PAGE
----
Observable<String> op1 = service1.operation();

ConnectableObservable<String> connectableObservable =  op1.publish();

CountDownLatch latch = new CountDownLatch(3);

connectableObservable.subscribe(s -> logger.info("From Subscriber 1: {}", s),
        e -> logger.error(e.getMessage(), e),
        () -> latch.countDown());

connectableObservable.subscribe(s -> logger.info("From Subscriber 2: {}", s),
        e -> logger.error(e.getMessage(), e),
        () -> latch.countDown());

connectableObservable.subscribe(s -> logger.info("From Subscriber 3: {}", s),
        e -> logger.error(e.getMessage(), e),
        () -> latch.countDown());

connectableObservable.connect();

latch.await();

and the following gets printed:

06:07:23.852 [RxComputationThreadPool-3] INFO  o.b.Service1 - Start: Executing slow task in Service 1
06:07:24.860 [RxComputationThreadPool-3] INFO  o.b.ConnectableObservablesTest - From Subscriber 1: data 1
06:07:24.862 [RxComputationThreadPool-3] INFO  o.b.ConnectableObservablesTest - From Subscriber 2: data 1
06:07:24.862 [RxComputationThreadPool-3] INFO  o.b.ConnectableObservablesTest - From Subscriber 3: data 1
06:07:24.862 [RxComputationThreadPool-3] INFO  o.b.Service1 - End: Executing slow task in Service 1

Hot Observable – using Subject

Another way to convert a cold Observable to a hot one is to use a Subject. Subjects behave both as an Observable and an Observer, there are different types of Subjects available with different behavior. Here I am using a Subject called a PublishSubject which has a Pub/Sub behavior – the items get emitted to all the subscribers listening on it. So with a PublishSubject introduced the code looks like this:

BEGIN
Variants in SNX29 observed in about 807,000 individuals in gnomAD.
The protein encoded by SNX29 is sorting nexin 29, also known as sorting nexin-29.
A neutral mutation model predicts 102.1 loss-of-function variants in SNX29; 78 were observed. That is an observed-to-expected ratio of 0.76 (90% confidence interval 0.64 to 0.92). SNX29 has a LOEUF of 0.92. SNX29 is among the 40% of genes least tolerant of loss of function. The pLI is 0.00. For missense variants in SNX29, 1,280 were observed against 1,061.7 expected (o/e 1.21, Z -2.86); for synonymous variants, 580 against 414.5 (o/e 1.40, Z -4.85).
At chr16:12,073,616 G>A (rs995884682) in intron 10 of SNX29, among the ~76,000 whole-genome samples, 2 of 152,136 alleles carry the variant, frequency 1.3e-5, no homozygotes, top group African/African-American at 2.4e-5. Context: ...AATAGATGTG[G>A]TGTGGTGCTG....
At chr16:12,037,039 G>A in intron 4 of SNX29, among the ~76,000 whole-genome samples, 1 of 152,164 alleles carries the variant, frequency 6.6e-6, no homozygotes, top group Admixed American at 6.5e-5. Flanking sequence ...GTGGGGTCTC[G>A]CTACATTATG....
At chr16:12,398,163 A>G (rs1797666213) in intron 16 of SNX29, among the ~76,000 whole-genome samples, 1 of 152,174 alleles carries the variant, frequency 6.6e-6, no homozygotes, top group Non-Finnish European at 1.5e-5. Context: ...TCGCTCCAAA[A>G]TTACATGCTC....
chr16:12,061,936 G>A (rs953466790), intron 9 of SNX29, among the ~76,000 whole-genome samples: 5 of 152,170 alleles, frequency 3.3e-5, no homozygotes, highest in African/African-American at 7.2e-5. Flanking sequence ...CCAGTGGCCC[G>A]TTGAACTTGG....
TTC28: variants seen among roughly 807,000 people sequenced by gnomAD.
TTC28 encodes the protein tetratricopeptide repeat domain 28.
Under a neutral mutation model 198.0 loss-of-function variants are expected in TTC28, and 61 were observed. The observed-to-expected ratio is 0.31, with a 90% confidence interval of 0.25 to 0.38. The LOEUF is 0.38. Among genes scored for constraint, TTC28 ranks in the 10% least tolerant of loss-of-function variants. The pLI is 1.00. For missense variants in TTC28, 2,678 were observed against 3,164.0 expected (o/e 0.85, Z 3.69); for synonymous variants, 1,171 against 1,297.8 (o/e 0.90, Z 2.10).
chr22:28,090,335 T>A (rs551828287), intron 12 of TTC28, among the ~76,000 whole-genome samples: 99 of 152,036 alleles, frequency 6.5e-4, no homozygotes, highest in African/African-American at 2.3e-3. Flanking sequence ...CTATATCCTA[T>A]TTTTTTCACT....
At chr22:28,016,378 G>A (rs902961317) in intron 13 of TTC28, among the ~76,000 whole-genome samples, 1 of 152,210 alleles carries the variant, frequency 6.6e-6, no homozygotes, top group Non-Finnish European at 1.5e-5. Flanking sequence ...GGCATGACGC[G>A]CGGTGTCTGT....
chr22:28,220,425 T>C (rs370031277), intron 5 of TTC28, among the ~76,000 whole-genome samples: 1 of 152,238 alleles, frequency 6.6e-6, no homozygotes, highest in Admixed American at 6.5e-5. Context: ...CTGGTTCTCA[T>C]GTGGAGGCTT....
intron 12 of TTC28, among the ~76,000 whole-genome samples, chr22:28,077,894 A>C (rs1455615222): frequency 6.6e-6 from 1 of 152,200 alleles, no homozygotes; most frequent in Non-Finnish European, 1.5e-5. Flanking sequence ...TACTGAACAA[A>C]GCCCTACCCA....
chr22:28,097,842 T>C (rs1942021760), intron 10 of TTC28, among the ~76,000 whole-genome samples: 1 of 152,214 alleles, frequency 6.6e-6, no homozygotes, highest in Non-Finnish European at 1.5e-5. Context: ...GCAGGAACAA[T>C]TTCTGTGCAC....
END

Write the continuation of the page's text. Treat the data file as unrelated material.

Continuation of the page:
Observable<String> op1 = service1.operation();

PublishSubject<String> publishSubject = PublishSubject.create();

op1.subscribe(publishSubject);

CountDownLatch latch = new CountDownLatch(3);

publishSubject.subscribe(s -> logger.info("From Subscriber 1: {}", s),
        e -> logger.error(e.getMessage(), e),
        () -> latch.countDown());

publishSubject.subscribe(s -> logger.info("From Subscriber 2: {}", s),
        e -> logger.error(e.getMessage(), e),
        () -> latch.countDown());

publishSubject.subscribe(s -> logger.info("From Subscriber 3: {}", s),
        e -> logger.error(e.getMessage(), e),
        () -> latch.countDown());


latch.await();

See how the PublishSubject is introduced as a subscriber to the Observable and the other subscribers subscribe to the PublishSubject instead. The output will be similar to the one from ConnectableObservable.

This is essentially it, the extent of my understanding of Hot Observable. So to conclude, the difference between a Cold and a Hot Observable is about when the subscribers get the emitted items and when the items are emitted – with a Cold Observable they are emitted when they are subscribed to and typically get all the emitted items, with a Hot Observable the items are emitted without a Subscriber and subscribers get items emitted after the point of subscription typically.

Reference

  1. http://www.introtorx.com/content/v1.0.10621.0/14_HotAndColdObservables.html
  2. Excellent javadoc on rx-java – http://reactivex.io/RxJava/javadoc/index.html
Reference: Hot and cold rx-java Observable from our JCG partner Biju Kunjummen at the all and sundry blog.